On Tue, 6 Mar 2007 09:06:45 -0500, Dan Zimmerman N3OX wrote:
>measures, inaccurately, on my MFJ-259
Ferrite chokes are essentially very low Q parallel resonant
circuits. Antenna analyzers are not very useful for measuring
ferrite chokes, for at least two reasons. First, they have a
fairly low input Z (typically 10K resistance in parallel with 12
pF. The capacitance is the major problem -- it combines with the
R, L, and C of the choke to move the choke's resonance down in
frequency to a new false resonant point, and above that false
resonance gives an impedance that is falsely quite low.
Second, antenna analyzers are essentially SWR analysers, and have
their greatest accuracy when the unknown Z is close to their
design impedance (that is, 50 ohms or 75 ohms), and very poor
accuracy when the SWR is high. Again, they will give an impedance
that is falsely low for any unknown Z that is much higher than
several hundred ohms.
The data presented in my ferrite tutorial was measured by another
ham working in a well equipped lab with high precision equipment,
proper test jigs, and calibration standards. I measured some of
the same parts he did with an antenna analyzer, and compared my
data with his. His data shows impedances that are typically 5X-10X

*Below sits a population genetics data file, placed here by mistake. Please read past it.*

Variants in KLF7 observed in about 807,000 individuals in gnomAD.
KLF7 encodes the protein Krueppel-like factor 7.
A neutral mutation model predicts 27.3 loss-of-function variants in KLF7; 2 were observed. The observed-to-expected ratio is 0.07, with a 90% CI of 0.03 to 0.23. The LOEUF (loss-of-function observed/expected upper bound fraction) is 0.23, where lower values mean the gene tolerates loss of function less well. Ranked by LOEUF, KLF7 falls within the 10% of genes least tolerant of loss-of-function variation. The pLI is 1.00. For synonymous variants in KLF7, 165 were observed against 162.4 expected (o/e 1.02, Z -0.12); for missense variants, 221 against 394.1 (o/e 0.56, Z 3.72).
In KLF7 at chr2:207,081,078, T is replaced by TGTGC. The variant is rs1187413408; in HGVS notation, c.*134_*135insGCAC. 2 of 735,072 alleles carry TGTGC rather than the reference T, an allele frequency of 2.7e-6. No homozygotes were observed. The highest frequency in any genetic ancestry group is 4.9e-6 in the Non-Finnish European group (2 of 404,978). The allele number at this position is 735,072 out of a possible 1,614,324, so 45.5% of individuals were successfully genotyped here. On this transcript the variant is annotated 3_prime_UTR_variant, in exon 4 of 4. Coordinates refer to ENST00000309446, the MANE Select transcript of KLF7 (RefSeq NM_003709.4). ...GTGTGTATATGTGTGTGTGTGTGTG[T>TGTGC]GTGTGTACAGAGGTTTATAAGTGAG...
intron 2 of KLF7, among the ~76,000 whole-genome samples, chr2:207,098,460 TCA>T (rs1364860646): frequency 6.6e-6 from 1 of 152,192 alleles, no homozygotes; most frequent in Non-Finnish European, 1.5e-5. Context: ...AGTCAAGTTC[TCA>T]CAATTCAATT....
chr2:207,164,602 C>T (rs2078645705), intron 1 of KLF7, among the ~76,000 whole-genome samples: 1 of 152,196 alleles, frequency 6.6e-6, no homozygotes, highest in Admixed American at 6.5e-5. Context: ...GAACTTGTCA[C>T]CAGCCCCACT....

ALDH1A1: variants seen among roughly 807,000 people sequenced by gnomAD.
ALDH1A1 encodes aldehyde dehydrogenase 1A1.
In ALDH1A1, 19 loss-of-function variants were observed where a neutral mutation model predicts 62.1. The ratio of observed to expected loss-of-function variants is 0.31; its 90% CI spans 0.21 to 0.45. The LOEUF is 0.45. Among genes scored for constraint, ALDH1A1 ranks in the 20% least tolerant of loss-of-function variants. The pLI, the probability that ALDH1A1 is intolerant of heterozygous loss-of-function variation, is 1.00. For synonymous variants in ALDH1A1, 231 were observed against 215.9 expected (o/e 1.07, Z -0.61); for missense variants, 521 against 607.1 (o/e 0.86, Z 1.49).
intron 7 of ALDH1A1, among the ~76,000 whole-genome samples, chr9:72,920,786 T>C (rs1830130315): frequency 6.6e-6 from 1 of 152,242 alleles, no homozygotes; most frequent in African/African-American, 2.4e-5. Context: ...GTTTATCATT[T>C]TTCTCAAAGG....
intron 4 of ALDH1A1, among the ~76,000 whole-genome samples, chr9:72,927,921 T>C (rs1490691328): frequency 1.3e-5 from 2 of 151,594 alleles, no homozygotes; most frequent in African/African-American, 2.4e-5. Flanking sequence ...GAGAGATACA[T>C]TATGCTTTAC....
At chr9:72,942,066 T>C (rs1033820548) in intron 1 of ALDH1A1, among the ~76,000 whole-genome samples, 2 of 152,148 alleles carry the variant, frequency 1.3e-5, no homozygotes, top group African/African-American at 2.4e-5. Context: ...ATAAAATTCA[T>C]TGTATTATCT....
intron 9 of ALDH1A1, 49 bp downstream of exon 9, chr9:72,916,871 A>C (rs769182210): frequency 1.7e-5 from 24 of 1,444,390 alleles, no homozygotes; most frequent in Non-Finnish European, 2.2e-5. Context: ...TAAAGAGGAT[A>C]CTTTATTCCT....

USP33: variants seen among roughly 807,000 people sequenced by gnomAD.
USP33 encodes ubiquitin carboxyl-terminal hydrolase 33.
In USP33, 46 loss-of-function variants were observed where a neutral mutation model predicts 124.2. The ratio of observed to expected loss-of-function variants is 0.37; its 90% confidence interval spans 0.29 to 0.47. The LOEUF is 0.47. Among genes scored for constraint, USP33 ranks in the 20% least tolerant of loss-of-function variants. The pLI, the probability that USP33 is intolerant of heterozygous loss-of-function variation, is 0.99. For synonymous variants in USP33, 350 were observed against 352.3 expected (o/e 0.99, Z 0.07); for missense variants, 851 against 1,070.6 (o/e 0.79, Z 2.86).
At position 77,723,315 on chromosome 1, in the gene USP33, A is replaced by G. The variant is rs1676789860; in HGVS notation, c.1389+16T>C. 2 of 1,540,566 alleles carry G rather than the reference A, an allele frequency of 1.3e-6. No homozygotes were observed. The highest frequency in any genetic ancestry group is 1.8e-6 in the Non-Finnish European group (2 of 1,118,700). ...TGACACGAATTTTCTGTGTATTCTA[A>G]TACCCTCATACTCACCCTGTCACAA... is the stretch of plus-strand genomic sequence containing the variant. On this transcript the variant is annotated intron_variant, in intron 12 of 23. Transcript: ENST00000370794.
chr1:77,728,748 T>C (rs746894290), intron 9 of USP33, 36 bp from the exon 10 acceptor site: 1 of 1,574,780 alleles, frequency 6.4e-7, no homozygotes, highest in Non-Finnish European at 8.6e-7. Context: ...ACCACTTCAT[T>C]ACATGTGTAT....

higher than mine, and resonant frequencies that are much higher
Any reasonable comparison of the two data sets confirms that the
differences are the result of these fundamental inaccuracies of
the antenna analyzers when used in this manner. In other words, if
you take my data and subtract the capacitance of the analyzer, the
resonances move up in frequency as they should.
If you want impedance data for ferrite cores not shown in my
tutorial, a far better way is to visit the Fair-Rite website and
download their excellent catalog. Fair-Rite is the mfr of
virtually ALL ferrite cores sold by ham distributors as new parts.
Find the part in their catalog, click on the part number, and
you'll get a graph of the series-equivalent impedance vs
frequency. This catalog has recently been upgraded to show not
only single turn chokes, but multiple turn chokes.
The tutorial is at
Jim Brown K9YC
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